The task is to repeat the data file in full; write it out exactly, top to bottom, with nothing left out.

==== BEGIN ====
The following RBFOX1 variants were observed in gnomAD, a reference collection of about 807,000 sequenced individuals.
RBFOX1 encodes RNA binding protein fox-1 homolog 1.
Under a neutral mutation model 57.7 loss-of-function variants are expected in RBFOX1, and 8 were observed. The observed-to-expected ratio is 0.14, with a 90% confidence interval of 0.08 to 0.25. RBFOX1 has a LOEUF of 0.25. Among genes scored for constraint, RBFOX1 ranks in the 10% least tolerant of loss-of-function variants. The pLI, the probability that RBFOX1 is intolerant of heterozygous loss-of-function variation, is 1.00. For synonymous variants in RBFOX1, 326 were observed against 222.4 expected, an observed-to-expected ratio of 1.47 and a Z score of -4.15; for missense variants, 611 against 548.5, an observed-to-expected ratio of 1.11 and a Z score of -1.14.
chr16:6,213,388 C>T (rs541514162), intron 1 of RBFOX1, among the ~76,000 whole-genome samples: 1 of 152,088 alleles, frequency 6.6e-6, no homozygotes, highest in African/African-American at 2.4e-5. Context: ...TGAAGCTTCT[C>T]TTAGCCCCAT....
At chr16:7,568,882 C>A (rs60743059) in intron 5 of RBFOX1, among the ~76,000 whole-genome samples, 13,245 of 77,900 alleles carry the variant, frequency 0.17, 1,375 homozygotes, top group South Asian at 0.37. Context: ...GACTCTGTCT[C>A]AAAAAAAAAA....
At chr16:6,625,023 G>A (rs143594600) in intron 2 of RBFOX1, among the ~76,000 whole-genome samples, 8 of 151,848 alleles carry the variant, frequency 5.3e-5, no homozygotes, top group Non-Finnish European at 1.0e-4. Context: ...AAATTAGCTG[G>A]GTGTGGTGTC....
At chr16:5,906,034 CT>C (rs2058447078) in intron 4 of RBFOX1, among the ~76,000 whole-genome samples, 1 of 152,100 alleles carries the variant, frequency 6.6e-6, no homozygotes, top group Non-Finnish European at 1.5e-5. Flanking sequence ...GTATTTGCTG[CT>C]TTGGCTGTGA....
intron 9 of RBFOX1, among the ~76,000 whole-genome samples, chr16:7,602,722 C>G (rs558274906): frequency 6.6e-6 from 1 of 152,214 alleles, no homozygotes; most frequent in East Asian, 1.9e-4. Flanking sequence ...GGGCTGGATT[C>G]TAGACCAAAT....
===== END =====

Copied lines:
The following RBFOX1 variants were observed in gnomAD, a reference collection of about 807,000 sequenced individuals.
RBFOX1 encodes RNA binding protein fox-1 homolog 1.
Under a neutral mutation model 57.7 loss-of-function variants are expected in RBFOX1, and 8 were observed. The observed-to-expected ratio is 0.14, with a 90% confidence interval of 0.08 to 0.25. RBFOX1 has a LOEUF of 0.25. Among genes scored for constraint, RBFOX1 ranks in the 10% least tolerant of loss-of-function variants. The pLI, the probability that RBFOX1 is intolerant of heterozygous loss-of-function variation, is 1.00. For synonymous variants in RBFOX1, 326 were observed against 222.4 expected, an observed-to-expected ratio of 1.47 and a Z score of -4.15; for missense variants, 611 against 548.5, an observed-to-expected ratio of 1.11 and a Z score of -1.14.
chr16:6,213,388 C>T (rs541514162), intron 1 of RBFOX1, among the ~76,000 whole-genome samples: 1 of 152,088 alleles, frequency 6.6e-6, no homozygotes, highest in African/African-American at 2.4e-5. Context: ...TGAAGCTTCT[C>T]TTAGCCCCAT....
At chr16:7,568,882 C>A (rs60743059) in intron 5 of RBFOX1, among the ~76,000 whole-genome samples, 13,245 of 77,900 alleles carry the variant, frequency 0.17, 1,375 homozygotes, top group South Asian at 0.37. Context: ...GACTCTGTCT[C>A]AAAAAAAAAA....
At chr16:6,625,023 G>A (rs143594600) in intron 2 of RBFOX1, among the ~76,000 whole-genome samples, 8 of 151,848 alleles carry the variant, frequency 5.3e-5, no homozygotes, top group Non-Finnish European at 1.0e-4. Context: ...AAATTAGCTG[G>A]GTGTGGTGTC....
At chr16:5,906,034 CT>C (rs2058447078) in intron 4 of RBFOX1, among the ~76,000 whole-genome samples, 1 of 152,100 alleles carries the variant, frequency 6.6e-6, no homozygotes, top group Non-Finnish European at 1.5e-5. Flanking sequence ...GTATTTGCTG[CT>C]TTGGCTGTGA....
intron 9 of RBFOX1, among the ~76,000 whole-genome samples, chr16:7,602,722 C>G (rs558274906): frequency 6.6e-6 from 1 of 152,214 alleles, no homozygotes; most frequent in East Asian, 1.9e-4. Flanking sequence ...GGGCTGGATT[C>G]TAGACCAAAT....